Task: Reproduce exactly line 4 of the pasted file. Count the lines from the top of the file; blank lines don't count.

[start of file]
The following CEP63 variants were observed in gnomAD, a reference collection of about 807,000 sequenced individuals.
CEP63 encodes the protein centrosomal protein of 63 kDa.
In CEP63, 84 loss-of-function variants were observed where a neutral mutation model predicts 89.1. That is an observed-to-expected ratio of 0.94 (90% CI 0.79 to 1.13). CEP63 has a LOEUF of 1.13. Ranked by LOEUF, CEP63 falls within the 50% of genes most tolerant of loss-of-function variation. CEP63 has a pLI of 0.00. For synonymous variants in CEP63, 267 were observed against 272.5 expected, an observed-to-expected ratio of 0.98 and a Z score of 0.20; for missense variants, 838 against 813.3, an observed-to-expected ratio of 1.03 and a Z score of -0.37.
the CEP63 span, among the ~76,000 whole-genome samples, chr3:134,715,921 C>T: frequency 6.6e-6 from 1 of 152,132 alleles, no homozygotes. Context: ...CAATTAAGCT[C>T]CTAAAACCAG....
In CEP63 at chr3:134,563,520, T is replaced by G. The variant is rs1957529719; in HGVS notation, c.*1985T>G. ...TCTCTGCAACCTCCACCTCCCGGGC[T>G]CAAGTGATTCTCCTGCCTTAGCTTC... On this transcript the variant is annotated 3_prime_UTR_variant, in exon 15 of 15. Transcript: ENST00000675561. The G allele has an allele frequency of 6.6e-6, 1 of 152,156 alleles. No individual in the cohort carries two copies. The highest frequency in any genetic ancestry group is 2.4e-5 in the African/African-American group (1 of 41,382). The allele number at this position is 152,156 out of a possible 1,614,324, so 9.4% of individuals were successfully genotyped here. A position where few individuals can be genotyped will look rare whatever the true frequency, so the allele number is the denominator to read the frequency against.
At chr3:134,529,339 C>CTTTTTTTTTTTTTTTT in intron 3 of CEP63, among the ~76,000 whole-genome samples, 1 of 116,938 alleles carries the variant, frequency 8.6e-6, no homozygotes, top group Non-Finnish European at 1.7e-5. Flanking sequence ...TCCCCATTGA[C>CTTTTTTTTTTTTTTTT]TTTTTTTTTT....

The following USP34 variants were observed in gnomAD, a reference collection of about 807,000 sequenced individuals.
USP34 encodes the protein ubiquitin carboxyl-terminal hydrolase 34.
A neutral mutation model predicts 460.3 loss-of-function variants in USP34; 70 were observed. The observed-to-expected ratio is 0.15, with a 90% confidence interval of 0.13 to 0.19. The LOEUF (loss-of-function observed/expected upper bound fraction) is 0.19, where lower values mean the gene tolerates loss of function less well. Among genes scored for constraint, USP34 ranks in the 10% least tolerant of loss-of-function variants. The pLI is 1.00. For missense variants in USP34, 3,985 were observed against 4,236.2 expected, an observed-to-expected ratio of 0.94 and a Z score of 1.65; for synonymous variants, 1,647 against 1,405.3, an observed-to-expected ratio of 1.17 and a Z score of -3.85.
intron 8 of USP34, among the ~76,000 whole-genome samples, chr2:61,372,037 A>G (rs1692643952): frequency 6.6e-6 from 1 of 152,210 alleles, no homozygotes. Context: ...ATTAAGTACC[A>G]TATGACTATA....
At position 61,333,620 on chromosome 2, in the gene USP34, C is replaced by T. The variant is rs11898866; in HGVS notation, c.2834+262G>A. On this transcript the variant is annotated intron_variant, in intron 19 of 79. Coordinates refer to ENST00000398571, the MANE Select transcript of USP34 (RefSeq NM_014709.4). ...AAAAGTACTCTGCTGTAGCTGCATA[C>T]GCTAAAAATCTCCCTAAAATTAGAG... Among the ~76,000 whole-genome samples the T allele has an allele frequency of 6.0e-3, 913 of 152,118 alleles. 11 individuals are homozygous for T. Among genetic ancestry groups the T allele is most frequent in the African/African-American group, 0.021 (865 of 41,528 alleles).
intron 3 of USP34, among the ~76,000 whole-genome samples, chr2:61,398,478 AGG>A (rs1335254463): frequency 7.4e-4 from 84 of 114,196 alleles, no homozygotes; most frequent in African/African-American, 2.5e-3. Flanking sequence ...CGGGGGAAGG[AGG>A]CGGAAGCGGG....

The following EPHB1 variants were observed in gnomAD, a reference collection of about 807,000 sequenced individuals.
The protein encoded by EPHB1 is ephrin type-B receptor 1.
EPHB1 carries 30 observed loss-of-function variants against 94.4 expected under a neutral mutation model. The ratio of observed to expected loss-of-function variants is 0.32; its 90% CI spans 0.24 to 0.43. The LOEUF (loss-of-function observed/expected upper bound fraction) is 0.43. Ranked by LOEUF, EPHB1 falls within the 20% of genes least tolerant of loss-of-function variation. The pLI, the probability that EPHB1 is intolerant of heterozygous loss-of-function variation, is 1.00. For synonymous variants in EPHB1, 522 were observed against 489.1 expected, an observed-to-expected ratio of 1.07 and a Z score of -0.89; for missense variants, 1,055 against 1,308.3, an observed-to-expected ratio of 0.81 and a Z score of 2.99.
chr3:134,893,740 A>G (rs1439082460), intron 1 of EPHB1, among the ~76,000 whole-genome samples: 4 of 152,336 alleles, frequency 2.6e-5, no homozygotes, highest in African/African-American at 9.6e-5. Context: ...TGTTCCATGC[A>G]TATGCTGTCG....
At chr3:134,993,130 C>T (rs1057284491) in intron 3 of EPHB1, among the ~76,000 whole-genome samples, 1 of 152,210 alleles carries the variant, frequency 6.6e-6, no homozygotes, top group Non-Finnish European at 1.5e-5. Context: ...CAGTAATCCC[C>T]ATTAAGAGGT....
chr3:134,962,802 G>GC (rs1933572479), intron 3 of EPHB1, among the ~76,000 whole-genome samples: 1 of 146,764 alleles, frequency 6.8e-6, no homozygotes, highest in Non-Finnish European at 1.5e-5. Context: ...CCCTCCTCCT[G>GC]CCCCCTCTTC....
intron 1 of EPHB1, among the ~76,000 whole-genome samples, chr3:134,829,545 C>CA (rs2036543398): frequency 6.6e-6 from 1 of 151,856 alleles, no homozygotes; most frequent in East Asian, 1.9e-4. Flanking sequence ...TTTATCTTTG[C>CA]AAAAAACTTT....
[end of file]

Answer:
the CEP63 span, among the ~76,000 whole-genome samples, chr3:134,715,921 C>T: frequency 6.6e-6 from 1 of 152,132 alleles, no homozygotes. Context: ...CAATTAAGCT[C>T]CTAAAACCAG....